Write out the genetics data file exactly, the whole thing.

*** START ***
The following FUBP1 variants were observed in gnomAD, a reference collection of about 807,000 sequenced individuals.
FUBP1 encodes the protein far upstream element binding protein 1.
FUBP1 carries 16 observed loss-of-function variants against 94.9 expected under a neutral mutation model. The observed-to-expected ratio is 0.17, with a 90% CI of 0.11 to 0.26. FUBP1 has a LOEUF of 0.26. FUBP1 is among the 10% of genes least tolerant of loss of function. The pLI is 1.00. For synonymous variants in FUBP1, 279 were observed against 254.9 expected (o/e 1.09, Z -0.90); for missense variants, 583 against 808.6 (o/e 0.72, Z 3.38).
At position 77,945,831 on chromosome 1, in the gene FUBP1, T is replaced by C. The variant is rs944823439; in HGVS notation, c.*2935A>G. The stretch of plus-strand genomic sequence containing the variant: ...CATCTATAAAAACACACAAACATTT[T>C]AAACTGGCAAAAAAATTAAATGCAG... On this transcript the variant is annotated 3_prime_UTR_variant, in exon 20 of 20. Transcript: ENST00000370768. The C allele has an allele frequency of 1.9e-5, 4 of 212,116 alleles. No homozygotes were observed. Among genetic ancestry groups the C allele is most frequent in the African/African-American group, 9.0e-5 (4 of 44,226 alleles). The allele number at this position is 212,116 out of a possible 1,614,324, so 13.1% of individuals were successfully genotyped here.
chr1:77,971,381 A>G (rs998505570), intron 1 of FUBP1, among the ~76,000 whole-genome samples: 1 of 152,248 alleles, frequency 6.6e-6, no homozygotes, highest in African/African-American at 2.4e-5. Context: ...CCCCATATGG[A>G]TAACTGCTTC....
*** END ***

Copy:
The following FUBP1 variants were observed in gnomAD, a reference collection of about 807,000 sequenced individuals.
FUBP1 encodes the protein far upstream element binding protein 1.
FUBP1 carries 16 observed loss-of-function variants against 94.9 expected under a neutral mutation model. The observed-to-expected ratio is 0.17, with a 90% CI of 0.11 to 0.26. FUBP1 has a LOEUF of 0.26. FUBP1 is among the 10% of genes least tolerant of loss of function. The pLI is 1.00. For synonymous variants in FUBP1, 279 were observed against 254.9 expected (o/e 1.09, Z -0.90); for missense variants, 583 against 808.6 (o/e 0.72, Z 3.38).
At position 77,945,831 on chromosome 1, in the gene FUBP1, T is replaced by C. The variant is rs944823439; in HGVS notation, c.*2935A>G. The stretch of plus-strand genomic sequence containing the variant: ...CATCTATAAAAACACACAAACATTT[T>C]AAACTGGCAAAAAAATTAAATGCAG... On this transcript the variant is annotated 3_prime_UTR_variant, in exon 20 of 20. Transcript: ENST00000370768. The C allele has an allele frequency of 1.9e-5, 4 of 212,116 alleles. No homozygotes were observed. Among genetic ancestry groups the C allele is most frequent in the African/African-American group, 9.0e-5 (4 of 44,226 alleles). The allele number at this position is 212,116 out of a possible 1,614,324, so 13.1% of individuals were successfully genotyped here.
chr1:77,971,381 A>G (rs998505570), intron 1 of FUBP1, among the ~76,000 whole-genome samples: 1 of 152,248 alleles, frequency 6.6e-6, no homozygotes, highest in African/African-American at 2.4e-5. Context: ...CCCCATATGG[A>G]TAACTGCTTC....